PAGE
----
5. A system according to claim 4 characterized in that the cut-outs are formed along at least one edge of the element.
The invention relates to a system for checking whether or not a datacarrier, used in an automatic diagnosis-system, is in fact in the one which corresponds with the car to be tested.
In the modern automatic diagnosis-systems for cars as, for instance, described in the German publication AUTOHAUS, July 22nd, 1970, datacarriers are used on which the specifications of a certain motor vehicle are recorded in a suitable code.
As, at present, nearly every motor vehicle is made in many different models having different engines, front axle specifications, etc., it is inevitable that automatic diagnosis apparatus, which sometimes is suited only for treating cars of one single make, must use a great number of different datacarriers or program cards. This number will certainly increase in the coming years, the more so as a result of the mean lifetime of motor vehicles and the model policy of the carmakers. This leads to the real problem that when a wrong datacarrieris used, for testing a motor vehicle, the test can be of no value.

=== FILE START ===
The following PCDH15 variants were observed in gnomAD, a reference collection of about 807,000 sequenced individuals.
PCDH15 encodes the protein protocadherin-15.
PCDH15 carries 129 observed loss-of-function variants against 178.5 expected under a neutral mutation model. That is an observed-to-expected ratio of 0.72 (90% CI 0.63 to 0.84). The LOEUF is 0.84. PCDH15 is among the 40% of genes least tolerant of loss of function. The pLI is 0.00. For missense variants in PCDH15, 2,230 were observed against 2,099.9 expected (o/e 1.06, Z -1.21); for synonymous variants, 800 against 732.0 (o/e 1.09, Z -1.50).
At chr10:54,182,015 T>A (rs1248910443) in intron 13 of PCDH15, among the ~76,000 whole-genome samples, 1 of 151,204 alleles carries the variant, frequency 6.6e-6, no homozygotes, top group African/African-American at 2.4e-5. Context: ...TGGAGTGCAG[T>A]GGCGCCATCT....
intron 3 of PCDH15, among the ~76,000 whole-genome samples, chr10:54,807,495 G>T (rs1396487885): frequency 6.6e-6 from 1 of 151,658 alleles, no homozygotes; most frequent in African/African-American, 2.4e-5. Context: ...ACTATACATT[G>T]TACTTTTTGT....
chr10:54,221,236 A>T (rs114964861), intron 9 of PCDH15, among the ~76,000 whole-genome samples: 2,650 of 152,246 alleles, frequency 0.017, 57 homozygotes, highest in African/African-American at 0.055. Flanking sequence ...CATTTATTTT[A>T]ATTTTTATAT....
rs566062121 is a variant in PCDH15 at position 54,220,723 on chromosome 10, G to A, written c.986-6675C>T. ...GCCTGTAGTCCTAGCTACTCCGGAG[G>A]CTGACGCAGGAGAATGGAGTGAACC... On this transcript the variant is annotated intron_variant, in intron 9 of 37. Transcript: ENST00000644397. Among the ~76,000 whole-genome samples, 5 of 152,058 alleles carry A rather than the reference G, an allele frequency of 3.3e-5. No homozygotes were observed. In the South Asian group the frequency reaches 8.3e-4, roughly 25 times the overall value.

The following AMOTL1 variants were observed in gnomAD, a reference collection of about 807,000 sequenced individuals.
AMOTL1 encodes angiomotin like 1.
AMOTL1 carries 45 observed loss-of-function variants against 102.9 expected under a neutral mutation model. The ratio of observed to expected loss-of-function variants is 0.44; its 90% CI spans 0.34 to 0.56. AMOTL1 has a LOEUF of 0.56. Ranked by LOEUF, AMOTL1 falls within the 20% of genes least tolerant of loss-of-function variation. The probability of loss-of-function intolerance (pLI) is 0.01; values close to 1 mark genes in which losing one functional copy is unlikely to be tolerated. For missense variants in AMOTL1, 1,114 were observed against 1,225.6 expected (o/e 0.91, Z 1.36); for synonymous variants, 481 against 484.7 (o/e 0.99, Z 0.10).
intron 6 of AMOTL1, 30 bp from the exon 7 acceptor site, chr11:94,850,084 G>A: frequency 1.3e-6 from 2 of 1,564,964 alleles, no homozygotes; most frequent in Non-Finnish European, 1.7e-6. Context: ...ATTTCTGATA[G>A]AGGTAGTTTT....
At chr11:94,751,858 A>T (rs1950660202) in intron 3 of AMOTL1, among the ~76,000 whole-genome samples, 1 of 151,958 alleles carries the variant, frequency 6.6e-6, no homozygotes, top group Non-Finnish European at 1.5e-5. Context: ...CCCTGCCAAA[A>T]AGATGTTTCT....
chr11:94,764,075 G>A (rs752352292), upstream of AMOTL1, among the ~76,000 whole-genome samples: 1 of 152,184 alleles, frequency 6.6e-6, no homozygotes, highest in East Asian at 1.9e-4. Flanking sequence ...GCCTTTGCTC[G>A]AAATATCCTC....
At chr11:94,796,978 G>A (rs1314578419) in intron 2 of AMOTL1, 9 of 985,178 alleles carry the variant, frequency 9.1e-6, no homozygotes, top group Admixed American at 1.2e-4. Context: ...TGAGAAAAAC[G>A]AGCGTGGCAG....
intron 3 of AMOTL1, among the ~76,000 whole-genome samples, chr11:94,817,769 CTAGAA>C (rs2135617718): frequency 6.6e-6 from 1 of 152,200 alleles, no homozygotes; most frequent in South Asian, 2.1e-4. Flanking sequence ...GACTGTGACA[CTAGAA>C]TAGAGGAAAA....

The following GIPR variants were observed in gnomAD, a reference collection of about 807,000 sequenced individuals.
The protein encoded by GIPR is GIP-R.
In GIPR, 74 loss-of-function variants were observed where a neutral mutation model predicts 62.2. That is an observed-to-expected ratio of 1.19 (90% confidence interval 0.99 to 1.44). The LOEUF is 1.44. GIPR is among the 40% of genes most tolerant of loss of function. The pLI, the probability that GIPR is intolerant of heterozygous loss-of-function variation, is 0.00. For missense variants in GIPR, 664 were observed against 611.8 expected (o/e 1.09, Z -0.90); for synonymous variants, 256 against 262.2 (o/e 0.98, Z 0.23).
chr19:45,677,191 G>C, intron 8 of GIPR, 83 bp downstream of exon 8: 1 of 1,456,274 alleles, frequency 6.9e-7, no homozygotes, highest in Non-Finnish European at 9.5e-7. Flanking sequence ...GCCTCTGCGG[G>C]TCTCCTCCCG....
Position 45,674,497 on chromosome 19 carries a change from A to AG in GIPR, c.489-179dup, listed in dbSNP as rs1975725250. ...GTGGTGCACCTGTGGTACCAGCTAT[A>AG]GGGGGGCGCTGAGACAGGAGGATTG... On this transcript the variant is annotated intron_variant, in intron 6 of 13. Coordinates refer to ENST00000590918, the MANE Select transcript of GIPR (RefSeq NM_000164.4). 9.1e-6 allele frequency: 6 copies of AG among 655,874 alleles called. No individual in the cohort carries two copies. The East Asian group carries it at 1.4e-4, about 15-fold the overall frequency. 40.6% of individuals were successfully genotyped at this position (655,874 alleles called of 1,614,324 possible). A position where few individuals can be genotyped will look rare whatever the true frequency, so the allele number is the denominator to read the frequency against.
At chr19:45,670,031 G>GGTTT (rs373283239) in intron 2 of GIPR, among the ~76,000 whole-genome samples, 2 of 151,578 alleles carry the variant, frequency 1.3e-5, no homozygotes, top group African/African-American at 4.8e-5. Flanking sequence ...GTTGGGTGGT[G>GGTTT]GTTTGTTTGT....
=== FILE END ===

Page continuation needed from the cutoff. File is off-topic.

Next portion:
The invention aims to obviate this drawback and to provide for a system which ensures that during the test of a motor vehicle, the correct datacarrier always is used.
According to the invention, the car is combined with a code-key in which the car characterizing code is recorded, said code corresponding with a code recorded on the datacarrier, means being provided to readout the code on the code-key and the code on the datacarrier, to compare them, and to signal and/or block the progress of the test program in the event of absence of agreement.
It is clear that these measures make it totally impossible to test a vehicle in the event that the wrong datacarrier is used for the intended test of the motor vehicle.